Coaching a world-class team is arguably one of the most difficult jobs in football – and it is certainly one of the most volatile.
Such pressure is applied that managers can find themselves out of work after only a few poor results. A handful of unfortunate breaks or the odd poor refereeing call can have a huge impact on the man in the dugout.
But while those in charge do not get showered with the same riches that the top players can earn, those at the very top of the game can receive a very healthy salary indeed.
And just as the rewards for the top stars on the field have grown along with investment in the game, so too have the wage bills of the game’s best managers.
While the top players tend to gravitate towards the biggest European leagues, the best-paid coaches in the game are spread more disparately.
The emerging force of China might have clamped down on the stream of foreign imports on the field by imposing massive taxes on transfer fees and strict limitations on how many can be used at any time, but it has actively encouraged managers from abroad to bring their knowhow to the country and develop its own players.
As such, four of the 20 best-paid managers in the game in 2018-19 – Dragan Stojkovic (Guangzhou R&F, £6m ($7.9m/€7m), Vitor Pereira (Shanghai SIPG, £6.4m), Marcello Lippi (China, £11.2m) and Fabio Cannavaro (Guangzhou Evergrande, £12.9m) – were China-based, according to a France Football study published in April.
Even at this, Cannavaro is only the seventh top earner in management today, while judging the best-paid of all time is tricky due to salaries being even more tightly under wraps than those of the players.
Sir Alex Ferguson, the legendary Manchester United manager, for example, has revealed he signed a deal in 2010 that guaranteed that he would be paid more than any player at the club. At that time, Wayne Rooney signed a deal worth an estimated £180,000 per week ($224,000), putting Ferguson’s salary around the £9.5m (£12m) mark as a minimum.
Arsene Wenger, who was Ferguson’s great adversary over many years in the Premier League, meanwhile, failed to break into the top-five highest-earning managers during his final year in charge of Arsenal. The Frenchman is reported by France Football to have scooped £17.6m ($22m) in that last season in charge, emphasising just how much wages have grown over the nine years between Ferguson penning his deal at Old Trafford and the modern day.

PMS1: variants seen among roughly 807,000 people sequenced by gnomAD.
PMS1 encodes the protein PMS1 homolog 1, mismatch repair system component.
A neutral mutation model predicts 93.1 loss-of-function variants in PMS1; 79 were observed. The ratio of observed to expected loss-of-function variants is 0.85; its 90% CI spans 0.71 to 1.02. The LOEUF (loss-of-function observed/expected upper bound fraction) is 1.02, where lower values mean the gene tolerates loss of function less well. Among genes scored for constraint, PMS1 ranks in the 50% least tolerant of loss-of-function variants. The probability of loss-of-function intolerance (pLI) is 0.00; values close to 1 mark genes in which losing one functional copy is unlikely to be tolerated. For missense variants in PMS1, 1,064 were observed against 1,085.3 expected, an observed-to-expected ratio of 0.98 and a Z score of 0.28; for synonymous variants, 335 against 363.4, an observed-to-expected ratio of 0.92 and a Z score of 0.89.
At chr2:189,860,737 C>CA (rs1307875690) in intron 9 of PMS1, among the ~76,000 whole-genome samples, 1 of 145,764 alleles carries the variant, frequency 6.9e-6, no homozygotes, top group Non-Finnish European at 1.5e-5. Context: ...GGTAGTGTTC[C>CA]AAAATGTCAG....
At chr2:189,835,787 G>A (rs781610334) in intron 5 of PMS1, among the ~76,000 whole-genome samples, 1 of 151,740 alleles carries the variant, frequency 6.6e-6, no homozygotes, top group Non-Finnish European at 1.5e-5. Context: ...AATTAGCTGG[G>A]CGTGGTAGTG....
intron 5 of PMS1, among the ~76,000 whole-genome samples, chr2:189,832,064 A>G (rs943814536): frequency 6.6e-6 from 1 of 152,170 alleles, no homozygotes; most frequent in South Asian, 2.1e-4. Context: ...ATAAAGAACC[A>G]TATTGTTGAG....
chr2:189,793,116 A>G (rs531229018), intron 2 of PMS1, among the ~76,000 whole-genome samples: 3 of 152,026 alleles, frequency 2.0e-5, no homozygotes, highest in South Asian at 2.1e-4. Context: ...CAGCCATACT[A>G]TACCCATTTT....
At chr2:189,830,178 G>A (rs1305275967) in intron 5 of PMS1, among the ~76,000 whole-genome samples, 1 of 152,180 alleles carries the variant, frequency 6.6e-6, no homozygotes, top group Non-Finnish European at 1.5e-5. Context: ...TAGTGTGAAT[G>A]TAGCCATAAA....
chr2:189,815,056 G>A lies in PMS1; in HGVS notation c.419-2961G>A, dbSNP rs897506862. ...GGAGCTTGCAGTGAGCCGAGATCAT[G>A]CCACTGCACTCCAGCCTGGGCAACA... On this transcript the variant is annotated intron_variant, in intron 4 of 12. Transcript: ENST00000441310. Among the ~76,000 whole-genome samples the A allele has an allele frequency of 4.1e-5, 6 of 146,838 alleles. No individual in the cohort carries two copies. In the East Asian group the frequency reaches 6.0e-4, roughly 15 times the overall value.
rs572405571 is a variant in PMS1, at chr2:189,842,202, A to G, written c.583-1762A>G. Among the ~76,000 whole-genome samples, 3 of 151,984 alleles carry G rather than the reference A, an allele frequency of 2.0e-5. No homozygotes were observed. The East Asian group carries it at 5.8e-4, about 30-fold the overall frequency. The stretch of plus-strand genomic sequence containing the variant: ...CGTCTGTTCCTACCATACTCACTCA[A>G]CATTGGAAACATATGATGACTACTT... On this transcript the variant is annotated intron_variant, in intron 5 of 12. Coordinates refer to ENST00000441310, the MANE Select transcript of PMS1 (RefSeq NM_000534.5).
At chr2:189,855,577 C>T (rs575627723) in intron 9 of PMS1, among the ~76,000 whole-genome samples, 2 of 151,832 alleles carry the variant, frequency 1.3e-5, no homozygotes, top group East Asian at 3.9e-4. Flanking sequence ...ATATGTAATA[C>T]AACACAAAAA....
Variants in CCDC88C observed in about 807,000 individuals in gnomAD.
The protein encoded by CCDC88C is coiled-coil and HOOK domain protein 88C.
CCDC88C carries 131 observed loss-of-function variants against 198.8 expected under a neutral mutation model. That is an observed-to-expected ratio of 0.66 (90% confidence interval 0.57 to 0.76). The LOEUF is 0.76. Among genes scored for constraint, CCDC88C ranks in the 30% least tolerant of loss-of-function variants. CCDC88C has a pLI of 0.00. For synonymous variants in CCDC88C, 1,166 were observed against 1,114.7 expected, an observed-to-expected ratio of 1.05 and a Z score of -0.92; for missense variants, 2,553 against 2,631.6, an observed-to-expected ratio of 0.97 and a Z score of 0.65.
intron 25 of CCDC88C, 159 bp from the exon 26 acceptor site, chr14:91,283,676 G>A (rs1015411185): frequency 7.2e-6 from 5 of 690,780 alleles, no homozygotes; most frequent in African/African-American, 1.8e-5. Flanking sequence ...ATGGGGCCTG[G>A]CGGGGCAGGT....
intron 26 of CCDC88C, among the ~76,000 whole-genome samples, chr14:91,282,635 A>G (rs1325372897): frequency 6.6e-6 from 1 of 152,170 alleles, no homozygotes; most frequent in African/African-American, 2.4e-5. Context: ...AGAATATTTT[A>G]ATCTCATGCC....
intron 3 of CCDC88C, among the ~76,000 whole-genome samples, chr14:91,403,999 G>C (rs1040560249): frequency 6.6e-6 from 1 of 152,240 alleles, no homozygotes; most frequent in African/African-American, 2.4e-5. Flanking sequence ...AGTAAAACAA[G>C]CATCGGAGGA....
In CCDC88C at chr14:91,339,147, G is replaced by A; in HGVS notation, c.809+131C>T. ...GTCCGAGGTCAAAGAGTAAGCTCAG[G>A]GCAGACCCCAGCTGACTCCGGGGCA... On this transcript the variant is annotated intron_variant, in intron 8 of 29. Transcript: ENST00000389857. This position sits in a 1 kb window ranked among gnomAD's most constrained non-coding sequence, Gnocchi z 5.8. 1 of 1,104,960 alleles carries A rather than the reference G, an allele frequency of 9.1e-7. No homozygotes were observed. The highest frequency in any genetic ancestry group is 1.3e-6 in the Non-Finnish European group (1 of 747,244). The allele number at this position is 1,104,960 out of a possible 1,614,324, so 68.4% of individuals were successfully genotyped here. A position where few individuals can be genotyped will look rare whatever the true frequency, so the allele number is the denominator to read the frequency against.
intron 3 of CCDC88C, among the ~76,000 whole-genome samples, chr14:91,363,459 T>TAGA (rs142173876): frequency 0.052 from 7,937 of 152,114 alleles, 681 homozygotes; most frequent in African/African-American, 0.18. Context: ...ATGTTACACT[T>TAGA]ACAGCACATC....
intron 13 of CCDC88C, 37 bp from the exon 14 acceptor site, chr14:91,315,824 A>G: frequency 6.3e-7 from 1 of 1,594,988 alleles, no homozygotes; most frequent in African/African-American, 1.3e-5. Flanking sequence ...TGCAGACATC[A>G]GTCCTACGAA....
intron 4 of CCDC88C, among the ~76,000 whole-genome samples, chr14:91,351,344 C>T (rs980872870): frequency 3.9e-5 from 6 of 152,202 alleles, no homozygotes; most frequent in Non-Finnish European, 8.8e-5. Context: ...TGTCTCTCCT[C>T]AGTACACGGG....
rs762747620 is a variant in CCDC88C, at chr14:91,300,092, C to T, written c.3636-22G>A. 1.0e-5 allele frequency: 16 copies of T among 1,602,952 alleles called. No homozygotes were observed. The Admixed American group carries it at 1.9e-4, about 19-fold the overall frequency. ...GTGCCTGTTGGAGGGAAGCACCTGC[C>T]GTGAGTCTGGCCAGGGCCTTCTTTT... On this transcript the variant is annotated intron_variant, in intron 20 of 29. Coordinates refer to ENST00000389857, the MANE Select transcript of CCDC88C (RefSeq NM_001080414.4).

So who are the highest earning coaches in the game?
It is little surprise to see a super club like Barcelona boast one of the most expensive coaches in the game, though there has been pressure on Ernesto Valverde over his two years in charge at Camp Nou due to relatively poor progress in the Champions League. Defeats against Roma and Liverpool have made his position fragile, despite winning two Spanish league titles.
The former Sevilla boss reputedly earns £19.7m ($24m) per year and is under contract with the Catalan giants until June 2020.
By comparison, Clasico rival Zinedine Zidane earns £10.8m ($13m) at Real Madrid.
Some would argue that Guardiola is the greatest manager ever. Certainly, his exploits at Barcelona, Bayern Munich and now Manchester City have been constantly trophy-laden, although he has failed thus far to bring the Champions League to the Etihad Stadium.
Playing a possession-based game, his style, learned from Barcelona, has gone on to heavily influence the game all over the world and as such there will be few who argue that he doesn’t merit his £20.6m ($26m) pay packet.
Thierry Henry may only have managed 20 senior matches, yet the former Arsenal and France legend commands a staggering position well up the list of the best-paid coaches ever.
Monaco, in a state of hubris and needing inspiration, turned to their former striker as they battled relegation from Ligue 1 last season but only got worse under their rookie boss, who was promptly sacked. Farcically, they re-hired Leonardo Jardim – the man they had jettisoned initially.
Henry was on a deal worth £21.9m ($27m), according to France Football’s report.
It’s no surprise to find Jose Mourinho towards the top of this list. The Portuguese enjoyed tremendous success in the dugout at the start of the millennium and has spent the best part of 15 years at the very top of the game, having graduated from Bobby Robson’s translator at Barcelona to lead the likes of Real Madrid and Inter.
It was at Manchester United, however, where he earned his top pay, earning a reported £26.6m ($33m) each year. He is currently out of work after being sacked the Red Devils shortly before Christmas in 2018.
Atletico Madrid may not play football that is everyone’s cup of tea, but there is little doubt that Diego Simeone extracts every ounce of potential from his side. The Spanish capital’s second club have enjoyed a golden period under the guidance of the Argentine, who has led them to a domestic league title and two European Cup finals.
With a wage of £35m ($43m), he is the best paid manager in the game today, according to available sources.